The Simplified Employee Pension Plan (“SEP”) IRA and the 401k Profit Sharing Plan (401k PS) are two of the most common retirement plans for successful self-employed individuals and owner/spouse businesses, since they offer high contribution limits and flexible annual contributions. But which is right for your client — the SEP or 401k PS? That depends on how much they want to shelter for retirement each year.
In a nutshell: the 401k PS allows greater retirement contributions, but it usually involves greater administrative responsibilities and higher fees than a SEP IRA. The SEP is easier to set up and more flexible.
The SEP is a great choice for self-employed people or owner/spouse businesses who want to contribute up to 25% of their W-2 earnings or 20% of net income up to the contribution limit. If that is sufficient, then the SEP will be the easier choice.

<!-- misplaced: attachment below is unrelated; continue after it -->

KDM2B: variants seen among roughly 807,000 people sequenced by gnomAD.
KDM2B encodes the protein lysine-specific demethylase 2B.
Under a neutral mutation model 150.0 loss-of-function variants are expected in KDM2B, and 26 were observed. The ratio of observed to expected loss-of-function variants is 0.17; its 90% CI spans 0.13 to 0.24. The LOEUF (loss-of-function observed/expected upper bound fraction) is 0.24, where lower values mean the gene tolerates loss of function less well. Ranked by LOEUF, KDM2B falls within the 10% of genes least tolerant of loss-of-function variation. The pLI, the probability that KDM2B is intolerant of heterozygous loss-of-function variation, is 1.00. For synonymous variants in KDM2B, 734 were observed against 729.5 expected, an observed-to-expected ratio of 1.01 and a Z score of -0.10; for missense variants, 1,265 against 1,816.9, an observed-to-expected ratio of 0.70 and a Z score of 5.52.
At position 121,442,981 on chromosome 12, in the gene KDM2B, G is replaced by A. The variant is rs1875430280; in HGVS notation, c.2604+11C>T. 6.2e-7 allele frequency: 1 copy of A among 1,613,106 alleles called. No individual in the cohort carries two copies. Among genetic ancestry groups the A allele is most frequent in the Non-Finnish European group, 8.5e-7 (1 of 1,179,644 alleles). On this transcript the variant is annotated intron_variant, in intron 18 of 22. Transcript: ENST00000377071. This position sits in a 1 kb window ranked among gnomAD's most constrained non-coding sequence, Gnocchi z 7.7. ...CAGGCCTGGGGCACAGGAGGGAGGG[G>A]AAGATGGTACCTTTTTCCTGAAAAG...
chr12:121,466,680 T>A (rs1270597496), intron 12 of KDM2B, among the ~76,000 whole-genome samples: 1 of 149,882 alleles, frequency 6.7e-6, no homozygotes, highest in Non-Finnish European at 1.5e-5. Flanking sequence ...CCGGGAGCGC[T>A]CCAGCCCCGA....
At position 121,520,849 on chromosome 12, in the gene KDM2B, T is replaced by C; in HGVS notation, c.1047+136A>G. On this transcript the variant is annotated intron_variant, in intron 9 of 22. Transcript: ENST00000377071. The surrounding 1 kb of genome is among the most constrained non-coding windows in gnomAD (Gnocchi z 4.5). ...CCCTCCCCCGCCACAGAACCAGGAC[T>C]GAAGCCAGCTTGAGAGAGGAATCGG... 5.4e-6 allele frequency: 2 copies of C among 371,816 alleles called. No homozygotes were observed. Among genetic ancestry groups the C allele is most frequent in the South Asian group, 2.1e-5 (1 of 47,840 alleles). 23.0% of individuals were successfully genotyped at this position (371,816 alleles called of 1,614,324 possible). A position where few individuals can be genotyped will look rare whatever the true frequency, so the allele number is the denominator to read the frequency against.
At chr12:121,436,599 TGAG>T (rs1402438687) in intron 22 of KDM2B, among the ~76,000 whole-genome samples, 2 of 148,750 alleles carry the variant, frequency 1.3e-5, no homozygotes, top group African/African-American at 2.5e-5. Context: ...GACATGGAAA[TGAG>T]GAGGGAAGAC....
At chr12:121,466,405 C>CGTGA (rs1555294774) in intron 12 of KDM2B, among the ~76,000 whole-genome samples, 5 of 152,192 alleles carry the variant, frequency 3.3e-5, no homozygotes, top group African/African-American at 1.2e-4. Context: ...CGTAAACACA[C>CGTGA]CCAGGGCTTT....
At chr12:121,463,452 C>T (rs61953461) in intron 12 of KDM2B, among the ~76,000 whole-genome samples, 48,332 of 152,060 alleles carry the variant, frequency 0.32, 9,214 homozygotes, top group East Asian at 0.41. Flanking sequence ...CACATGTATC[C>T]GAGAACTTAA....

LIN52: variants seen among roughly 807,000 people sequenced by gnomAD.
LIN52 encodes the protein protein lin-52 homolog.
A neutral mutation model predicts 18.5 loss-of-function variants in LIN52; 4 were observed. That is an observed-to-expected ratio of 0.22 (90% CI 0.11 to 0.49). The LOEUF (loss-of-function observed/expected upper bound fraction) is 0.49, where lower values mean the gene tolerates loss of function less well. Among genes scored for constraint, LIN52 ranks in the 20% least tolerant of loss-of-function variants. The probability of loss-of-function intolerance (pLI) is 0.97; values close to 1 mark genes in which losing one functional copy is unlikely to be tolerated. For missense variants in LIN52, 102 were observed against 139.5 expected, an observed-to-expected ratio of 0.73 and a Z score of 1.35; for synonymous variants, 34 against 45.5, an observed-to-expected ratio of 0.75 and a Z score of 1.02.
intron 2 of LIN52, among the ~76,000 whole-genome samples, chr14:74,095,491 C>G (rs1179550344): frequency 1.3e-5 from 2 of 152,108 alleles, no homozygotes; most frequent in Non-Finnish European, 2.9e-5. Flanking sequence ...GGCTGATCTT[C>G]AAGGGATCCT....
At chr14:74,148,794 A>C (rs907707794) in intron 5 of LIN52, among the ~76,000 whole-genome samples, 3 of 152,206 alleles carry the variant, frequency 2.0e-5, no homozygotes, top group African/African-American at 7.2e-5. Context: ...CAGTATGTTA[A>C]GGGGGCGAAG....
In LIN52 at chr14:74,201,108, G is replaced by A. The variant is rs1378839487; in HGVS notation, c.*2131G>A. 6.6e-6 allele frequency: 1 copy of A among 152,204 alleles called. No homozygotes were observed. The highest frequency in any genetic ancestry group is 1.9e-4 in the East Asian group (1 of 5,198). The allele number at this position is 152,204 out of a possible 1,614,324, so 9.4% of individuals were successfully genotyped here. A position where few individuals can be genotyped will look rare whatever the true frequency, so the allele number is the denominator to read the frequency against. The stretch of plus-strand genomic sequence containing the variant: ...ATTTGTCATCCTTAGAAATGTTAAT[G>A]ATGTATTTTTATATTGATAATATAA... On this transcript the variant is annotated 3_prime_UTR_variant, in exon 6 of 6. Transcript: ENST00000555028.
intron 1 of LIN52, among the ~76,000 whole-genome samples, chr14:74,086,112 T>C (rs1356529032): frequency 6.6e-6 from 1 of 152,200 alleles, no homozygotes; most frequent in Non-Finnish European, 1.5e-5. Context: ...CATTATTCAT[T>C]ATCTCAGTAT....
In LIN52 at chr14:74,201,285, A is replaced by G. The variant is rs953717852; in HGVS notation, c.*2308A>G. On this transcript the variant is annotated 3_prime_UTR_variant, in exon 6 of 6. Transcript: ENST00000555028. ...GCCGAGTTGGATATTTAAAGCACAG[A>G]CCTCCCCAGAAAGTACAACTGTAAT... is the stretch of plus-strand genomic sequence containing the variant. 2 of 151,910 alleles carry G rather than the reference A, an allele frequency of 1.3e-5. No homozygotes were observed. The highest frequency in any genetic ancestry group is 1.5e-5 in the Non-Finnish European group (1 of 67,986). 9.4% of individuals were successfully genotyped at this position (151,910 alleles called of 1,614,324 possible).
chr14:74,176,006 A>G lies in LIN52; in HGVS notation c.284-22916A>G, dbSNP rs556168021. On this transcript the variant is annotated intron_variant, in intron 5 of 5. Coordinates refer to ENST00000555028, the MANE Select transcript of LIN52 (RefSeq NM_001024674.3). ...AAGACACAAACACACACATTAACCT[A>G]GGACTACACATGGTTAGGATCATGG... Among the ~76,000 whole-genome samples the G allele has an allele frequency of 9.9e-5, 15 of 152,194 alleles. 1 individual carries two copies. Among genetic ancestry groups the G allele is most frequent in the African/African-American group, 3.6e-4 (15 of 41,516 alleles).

This type of plan also has the optional flexibility to allow you to convert to a Roth immediately or anytime in the future. So you can time the Roth conversion to minimize taxes. With the Roth 401k you must pay the taxes in the year you contribute. Also, with the SEP:
A 401k PS plan offers five primary advantages over the SEP IRA:
Contributions are flexible for either program. You can make them in some years and not in others.
The term “Profit Sharing” is actually a misnomer. It is not based on profit but on salary. In fact, you can have a net loss on the corporation and still make profit sharing contributions.
For example, let’s say your client pays themselves $116,000K in salary. Here’s what they can contribute to 401k Profit Sharing Plan:
Employer Profit Sharing: 25% of $116,000 = $29,000 (paid by corporation)
Total contribution: $29,000
Profit Sharing: 25% of $116,000 = $29,000
Salary Deferral 401K: $18,000 (through payroll deduction)
Total contribution: $47,000*.
*If you are over 50, you can contribute an additional $6,000 for a total of $53,000
If you value the loan feature, creditor protection and/or want to maximize your client’s retirement contributions, then you should consider a 401k PS. If not, the simplicity of a SEP IRA makes it the better choice.
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